Holt praised those who attended the seven-hour Bridges program.

"It really says a lot about the parents and the students," Holt said. "It shows that they want to be successful."

Students were placed in multiple groups and rotated through six different 30-minute sections dealing with an array of topics the will soon affect their lives.

Vickie Foye, the 12th-grade counselor at LSHS, informed students about the school's counseling center. She helped banish some of the rumors while talking to the students about the importance of their grades and thinking ahead.

"Freshmen sometimes don't realize that everything counts," Foye said.

She warned how their school records follow them.

Brady Bailey, the instructional technology specialist for Lexington City Schools, talked with the students about the importance of technology.

"Technology is a part of your future," Bailey said. "No matter what profession you choose you have to know technology."

Sonja Smith, a second-year math teacher at Lexington Senior High, had a more casual conversation with the students. She explained how being nervous was expected, and how students should not be afraid to ask questions and take advantage of teachers' expertise.

"Not only are you learning, but the teachers are learning, too," Smith said.

Students also heard about the many career courses the school provides.

"It gives everyone what they want," said Jacob Hathaway, an incoming freshman, after hearing the long list of career pathways provided at the school.

Classes will not be the most difficult thing that Hathaway has to tackle this fall. He says "going from being one of the biggest persons in middle school to one of the smallest in high school" makes him a little nervous.

Students also heard how to develop good habits and received a tour from some current LSHS seniors.

For incoming freshman William Burns, the program did what it promised.

"It's good," Burns said. "It helps us with what we need to have."

Many students found that high school is not as scary as they might have believed.

"I heard the teachers were mean, but they are really nice," said Brandon Richards after the day's experience.

The day concluded with a what-not-to-wear fashion show provided by some of the current seniors. And students learned about athletics eligibility, attendance policy and truancy.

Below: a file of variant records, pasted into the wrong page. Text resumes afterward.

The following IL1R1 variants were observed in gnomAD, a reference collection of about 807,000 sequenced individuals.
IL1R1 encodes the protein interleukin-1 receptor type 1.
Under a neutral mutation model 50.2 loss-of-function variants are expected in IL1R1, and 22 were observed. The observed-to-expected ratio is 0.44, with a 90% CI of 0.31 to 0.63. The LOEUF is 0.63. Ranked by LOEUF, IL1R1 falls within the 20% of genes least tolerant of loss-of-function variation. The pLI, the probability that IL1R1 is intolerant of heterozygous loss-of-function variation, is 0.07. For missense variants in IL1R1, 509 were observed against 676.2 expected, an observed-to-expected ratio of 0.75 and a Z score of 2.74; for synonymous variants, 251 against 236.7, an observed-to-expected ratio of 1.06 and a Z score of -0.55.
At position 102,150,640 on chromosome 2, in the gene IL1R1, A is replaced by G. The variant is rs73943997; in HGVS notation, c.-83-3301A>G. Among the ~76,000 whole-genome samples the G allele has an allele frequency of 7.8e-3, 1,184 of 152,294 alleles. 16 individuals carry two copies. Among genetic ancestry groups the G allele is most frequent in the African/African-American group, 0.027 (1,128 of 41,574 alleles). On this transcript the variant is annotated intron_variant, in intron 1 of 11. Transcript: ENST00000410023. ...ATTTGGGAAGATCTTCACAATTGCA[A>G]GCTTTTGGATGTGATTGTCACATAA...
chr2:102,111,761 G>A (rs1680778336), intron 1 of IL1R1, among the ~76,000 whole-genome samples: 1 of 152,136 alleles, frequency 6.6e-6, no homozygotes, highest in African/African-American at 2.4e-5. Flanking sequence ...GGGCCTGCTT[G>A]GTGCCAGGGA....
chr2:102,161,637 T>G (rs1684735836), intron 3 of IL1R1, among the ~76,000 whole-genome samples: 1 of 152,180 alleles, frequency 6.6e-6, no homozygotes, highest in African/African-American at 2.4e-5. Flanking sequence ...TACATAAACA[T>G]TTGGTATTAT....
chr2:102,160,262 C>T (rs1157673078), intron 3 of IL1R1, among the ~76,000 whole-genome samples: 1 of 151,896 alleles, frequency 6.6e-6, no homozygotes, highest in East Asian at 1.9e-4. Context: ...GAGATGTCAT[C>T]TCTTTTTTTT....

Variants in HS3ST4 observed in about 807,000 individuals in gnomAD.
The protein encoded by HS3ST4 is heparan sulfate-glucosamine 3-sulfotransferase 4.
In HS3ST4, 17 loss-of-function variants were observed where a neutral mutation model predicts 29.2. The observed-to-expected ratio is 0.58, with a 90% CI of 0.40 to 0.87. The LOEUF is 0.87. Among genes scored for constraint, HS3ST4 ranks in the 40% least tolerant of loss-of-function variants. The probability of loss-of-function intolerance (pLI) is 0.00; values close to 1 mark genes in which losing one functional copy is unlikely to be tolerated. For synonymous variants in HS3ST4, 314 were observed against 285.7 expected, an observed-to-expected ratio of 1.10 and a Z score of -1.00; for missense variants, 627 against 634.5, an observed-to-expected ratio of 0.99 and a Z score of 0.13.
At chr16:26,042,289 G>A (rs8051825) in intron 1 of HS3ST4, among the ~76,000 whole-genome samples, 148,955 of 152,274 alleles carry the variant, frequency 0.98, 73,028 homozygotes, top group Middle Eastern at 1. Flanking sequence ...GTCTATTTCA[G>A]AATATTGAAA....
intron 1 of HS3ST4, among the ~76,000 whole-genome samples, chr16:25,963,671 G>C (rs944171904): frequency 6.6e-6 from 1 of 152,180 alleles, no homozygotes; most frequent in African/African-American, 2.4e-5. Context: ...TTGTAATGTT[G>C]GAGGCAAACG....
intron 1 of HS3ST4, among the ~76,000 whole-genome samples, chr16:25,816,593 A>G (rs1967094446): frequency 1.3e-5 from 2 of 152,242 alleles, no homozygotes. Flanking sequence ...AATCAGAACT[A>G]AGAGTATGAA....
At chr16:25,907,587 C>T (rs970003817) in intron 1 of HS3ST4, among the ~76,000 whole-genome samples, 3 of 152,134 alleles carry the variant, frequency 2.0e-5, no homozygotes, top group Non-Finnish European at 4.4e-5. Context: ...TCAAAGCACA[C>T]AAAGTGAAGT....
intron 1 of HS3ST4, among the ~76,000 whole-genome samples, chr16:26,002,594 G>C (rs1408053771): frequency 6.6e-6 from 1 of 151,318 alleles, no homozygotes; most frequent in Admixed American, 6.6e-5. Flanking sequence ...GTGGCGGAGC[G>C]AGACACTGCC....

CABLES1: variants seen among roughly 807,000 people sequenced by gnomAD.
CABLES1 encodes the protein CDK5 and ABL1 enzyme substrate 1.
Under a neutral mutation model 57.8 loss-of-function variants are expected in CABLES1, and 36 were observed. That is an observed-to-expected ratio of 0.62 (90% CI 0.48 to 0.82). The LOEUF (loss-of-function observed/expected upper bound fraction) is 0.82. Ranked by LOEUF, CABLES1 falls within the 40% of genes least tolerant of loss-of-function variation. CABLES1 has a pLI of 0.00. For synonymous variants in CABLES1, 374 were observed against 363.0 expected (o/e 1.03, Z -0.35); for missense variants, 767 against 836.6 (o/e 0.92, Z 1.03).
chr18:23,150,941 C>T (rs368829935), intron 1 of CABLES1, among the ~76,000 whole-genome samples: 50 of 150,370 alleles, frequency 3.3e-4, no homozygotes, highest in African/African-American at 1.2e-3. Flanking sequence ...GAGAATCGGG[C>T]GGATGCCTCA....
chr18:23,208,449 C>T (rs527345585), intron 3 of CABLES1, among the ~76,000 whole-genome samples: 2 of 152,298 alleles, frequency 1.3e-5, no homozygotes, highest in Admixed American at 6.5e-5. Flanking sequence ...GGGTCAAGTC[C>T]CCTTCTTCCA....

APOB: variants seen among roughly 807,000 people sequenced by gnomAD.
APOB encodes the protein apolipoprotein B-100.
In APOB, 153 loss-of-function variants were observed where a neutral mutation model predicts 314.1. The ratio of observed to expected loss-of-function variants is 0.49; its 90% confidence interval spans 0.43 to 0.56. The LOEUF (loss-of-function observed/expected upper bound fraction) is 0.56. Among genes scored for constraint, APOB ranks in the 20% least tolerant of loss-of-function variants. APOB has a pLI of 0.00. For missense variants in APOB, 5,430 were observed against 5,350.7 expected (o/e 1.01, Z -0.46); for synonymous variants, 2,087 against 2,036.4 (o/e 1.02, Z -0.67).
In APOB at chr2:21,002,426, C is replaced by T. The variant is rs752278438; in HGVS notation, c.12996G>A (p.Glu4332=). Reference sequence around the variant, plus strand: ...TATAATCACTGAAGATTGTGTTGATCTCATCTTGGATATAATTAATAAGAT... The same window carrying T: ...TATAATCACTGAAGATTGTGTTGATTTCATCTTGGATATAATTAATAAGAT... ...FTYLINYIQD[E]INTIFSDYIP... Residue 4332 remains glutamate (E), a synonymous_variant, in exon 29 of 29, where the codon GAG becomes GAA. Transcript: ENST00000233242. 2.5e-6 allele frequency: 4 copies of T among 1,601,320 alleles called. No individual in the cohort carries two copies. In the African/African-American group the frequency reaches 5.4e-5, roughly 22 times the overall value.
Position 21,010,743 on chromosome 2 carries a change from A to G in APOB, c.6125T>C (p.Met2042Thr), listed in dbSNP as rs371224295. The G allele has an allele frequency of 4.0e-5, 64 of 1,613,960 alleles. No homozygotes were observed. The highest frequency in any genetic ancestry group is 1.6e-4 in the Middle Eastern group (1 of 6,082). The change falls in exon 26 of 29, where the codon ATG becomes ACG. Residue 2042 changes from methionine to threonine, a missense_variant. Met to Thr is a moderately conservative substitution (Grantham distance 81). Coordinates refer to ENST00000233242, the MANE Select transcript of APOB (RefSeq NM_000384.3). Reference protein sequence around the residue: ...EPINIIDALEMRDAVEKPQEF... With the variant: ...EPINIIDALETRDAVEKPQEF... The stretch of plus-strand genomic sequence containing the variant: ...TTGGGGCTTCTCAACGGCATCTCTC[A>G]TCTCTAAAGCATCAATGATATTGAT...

Kelly Lamb, who will be a senior at LSHS, said she feels the new freshmen will enter the school year with more knowledge than her and her classmates.

"It lets them know a lot more; we kind of walked in blind," Lamb said. "We had no idea what we were doing."

Later on Tuesday students and parents were invited back to meet Newlin.

Parents trickled in to meet the new principal.

"At first I was a little leery because he is young and new, but I'm going to give him a chance," said parent Anne-Marie Suszek. "Sometimes new is good."

Her daughter, Crystal Gagnon, said she did not want to attend the program Tuesday morning, but her mother told her she had to attend.

Suszek says being familiar with the new surroundings is vital to her daughter's education.

"Being a freshman, I wanted her to be ready and not just thrown into the wolves," Suszek said.

After talking with the new principal, Bobbi Armstrong, who has a son who is an incoming freshman, said she thinks Newlin will do fine as the new administrator and that he will provide some accountability.

He husband, Albert Armstrong, agreed.

"If parents get behind him and support him he will be all right," Armstrong said.

The hour-long reception ended with Newlin delivering a speech.

"This is to welcome me, which is odd. I don't want it to be like that," Newlin said. "This is to welcome you - this is your school."

During his talk, Newlin introduced the school's new instructional leadership team - Seth Cabonor , Lori Lawrence and Jackie Tobias, who will all serve as chief instructional officers.

Newlin acknowledged the curriculum and instructional needs of the school.

"School will be fun, school will be work. It might be some of the hardest work you will ever do," he said.

He ended the night saying the school is his new family. "This is going to be home for a long time."

 

 

New program teaches children to look their best for success

BY TIFFANY R. LEONARD
The Dispatch

 

 Students in Lexington City Schools will receive a new attitude along with a new look this year.